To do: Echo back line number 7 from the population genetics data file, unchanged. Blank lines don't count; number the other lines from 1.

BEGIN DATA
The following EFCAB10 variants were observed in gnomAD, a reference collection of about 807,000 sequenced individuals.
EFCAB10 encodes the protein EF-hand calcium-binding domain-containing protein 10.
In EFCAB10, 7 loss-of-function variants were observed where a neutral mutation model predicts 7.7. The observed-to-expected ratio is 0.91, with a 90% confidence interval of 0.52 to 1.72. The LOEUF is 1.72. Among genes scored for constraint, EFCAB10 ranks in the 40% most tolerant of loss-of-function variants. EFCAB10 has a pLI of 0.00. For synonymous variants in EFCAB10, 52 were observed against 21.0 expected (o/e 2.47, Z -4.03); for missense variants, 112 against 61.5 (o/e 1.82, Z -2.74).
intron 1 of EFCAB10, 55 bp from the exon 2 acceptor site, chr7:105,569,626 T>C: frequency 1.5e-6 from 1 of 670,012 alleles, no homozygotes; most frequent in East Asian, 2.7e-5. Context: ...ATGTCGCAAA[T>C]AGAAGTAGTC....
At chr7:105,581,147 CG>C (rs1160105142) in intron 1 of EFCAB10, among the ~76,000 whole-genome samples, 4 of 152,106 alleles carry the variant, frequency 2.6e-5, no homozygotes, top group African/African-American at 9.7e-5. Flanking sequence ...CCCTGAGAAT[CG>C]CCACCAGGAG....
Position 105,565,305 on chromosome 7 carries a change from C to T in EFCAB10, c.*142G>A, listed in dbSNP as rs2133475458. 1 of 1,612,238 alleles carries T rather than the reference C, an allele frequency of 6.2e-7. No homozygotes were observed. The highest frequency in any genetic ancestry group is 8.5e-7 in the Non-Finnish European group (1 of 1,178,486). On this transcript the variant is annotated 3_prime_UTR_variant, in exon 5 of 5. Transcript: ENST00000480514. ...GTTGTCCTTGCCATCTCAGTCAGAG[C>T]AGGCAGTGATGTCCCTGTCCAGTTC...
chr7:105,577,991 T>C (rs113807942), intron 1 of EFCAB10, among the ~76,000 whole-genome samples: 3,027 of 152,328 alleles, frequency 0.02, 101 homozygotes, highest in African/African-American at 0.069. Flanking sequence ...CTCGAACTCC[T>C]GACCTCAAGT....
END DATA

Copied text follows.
chr7:105,577,991 T>C (rs113807942), intron 1 of EFCAB10, among the ~76,000 whole-genome samples: 3,027 of 152,328 alleles, frequency 0.02, 101 homozygotes, highest in African/African-American at 0.069. Flanking sequence ...CTCGAACTCC[T>C]GACCTCAAGT....